Longish Comments Re: Bright sat list / software

Ed Cannon (ecannon@mail.utexas.edu)
Tue, 17 Dec 1996 03:14:01 -0600

    Longish Comments (including hopefully helpful hints for other 
    newbies) on the discussions regarding bright satellite lists, 
   predictions on the Web, prediction software, and orbital elements

In general, one issue I've seen in every group with which I've ever
been associated (or even aware of) is the gap between oldtimers and 
newcomers.  In almost every case, newbies really need some help from 
oldtimers (some/many of whom are willing to help newbies), but newbies 
also have to take some initiative in order to get the information they 
want.

As one who just began doing this satellite-watching activity a little 
over 9 months ago (but who has by now seen scores of objects thanks to 
great software and fresh orbital elements as well as lots of help from 
Mike McCants -- and frequent observing opportunities through his 
telescope -- and quite a few clear nights [and even a few mornings]!), 
I can relate to newbies' questions, and their reluctance to even post 
them to SeeSat.  But I also feel that I can offer some tips on what 
I've discovered or been directed to in the last 9 months.

PREDICTIONS ON THE WEB

For someone interested only in seeing a few of the very brightest 
scientific payloads (Mir, Hubble Telescope [HST], Upper Atmosphere
Research Satellite [UARS], Compton Gamma Ray Observatory [GRO], and 
US Space Shuttles [and the Cosmic Background Explorer, COBE, which is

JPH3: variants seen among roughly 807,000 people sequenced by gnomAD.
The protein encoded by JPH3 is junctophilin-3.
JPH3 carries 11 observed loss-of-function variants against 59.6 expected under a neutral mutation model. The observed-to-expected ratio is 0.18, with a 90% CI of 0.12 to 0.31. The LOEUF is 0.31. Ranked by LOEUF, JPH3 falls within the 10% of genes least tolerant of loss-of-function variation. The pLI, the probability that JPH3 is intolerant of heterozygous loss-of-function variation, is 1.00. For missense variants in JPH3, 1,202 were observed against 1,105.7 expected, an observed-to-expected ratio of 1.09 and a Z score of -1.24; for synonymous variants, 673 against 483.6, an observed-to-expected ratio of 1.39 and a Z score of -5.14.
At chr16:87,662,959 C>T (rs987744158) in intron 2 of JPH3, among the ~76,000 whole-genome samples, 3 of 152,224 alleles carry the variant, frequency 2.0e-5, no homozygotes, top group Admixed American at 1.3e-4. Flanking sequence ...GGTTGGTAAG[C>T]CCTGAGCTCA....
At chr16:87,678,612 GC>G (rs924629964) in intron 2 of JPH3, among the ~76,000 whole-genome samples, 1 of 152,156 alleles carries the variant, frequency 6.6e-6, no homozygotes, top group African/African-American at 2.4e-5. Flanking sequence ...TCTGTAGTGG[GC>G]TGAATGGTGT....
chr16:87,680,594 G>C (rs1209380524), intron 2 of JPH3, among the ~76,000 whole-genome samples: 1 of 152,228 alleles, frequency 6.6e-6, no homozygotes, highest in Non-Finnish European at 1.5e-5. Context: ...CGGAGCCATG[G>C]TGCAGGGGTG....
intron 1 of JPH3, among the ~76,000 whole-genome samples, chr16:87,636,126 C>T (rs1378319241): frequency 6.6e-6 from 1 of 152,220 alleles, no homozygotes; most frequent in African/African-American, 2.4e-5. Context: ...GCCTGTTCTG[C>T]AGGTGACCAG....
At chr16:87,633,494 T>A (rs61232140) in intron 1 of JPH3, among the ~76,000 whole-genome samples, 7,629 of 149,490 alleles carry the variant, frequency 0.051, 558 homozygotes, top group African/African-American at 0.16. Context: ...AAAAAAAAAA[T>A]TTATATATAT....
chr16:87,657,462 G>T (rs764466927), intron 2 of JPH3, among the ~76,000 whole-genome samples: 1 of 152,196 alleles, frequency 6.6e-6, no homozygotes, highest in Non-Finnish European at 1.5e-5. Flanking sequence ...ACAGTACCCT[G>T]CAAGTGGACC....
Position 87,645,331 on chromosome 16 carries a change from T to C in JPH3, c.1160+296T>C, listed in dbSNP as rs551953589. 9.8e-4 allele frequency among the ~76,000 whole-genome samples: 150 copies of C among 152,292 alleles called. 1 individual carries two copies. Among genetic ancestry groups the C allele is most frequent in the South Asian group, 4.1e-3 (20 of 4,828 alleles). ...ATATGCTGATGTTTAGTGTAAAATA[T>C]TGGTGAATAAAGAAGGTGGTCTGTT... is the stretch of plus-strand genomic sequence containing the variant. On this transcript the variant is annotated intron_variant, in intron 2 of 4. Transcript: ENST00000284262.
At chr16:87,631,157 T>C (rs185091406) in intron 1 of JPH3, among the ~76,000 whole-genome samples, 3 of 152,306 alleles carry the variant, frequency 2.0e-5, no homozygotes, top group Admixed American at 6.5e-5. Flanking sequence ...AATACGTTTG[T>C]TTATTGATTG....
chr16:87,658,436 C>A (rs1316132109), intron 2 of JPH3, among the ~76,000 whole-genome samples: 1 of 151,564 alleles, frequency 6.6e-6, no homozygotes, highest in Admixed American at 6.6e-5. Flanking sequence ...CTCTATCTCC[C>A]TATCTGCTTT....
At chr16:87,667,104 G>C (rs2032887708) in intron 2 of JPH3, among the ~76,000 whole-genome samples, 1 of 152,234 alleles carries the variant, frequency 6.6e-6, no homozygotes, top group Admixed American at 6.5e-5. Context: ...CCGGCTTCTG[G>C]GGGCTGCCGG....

not a bright object]), and who has a forms-capable Web browser, the 
"SatPasses" site is excellent:

  http://ssl.berkeley.edu/isi_www/satpasses.html

It's now providing fresh, accurate daily pass predictions for more 
than 70 cities in the US and Canada.

NASA provides predictions (sighting opportunities) for Mir and Space 
Shuttles for lots of locations.  Sky & Telescope Magazine's Web site 
provides Mir predictions for cities all over the world, as well.

Some locations (Austin, Texas; southeast Washington State; Washington,
DC; southeastern Virginia; Europe, etc.) are fortunate enough to have 
daily predictions published frequently by industrious individuals.

To my knowledge, the closest thing on the Web to a complete, user-
specifiable prediction service is the "Earth Satellite Ephemeris
Service", which now has two sites (requiring forms): 

  http://marx.as.utexas.edu/sat.html 
  http://www.chara.gsu.edu/sat.html  

If you get its predictions for your location for a particular date
(or dates), and your sky is clear, you will likely see one or more 
satellites (especially if you use binoculars).  However, ESES does 
not include 100% of orbiting objects visible to the naked-eye.  Also, 
it seems that its predictions aren't quite as reliable (for reasons 
I, as a relative newbie, don't understand) as those provided by my 
next recommendation.

SOFTWARE

Within a couple of months of when I began to try to get predictions 
to see satellites as often as possible, I had gotten and begun using 
Mike McCants' Quicksat (DOS version).  Quicksat provides predictions 
for any selected time period (from minutes to weeks, if you wish 
[I've projected EGP, Mir, and others weeks out in the future, just out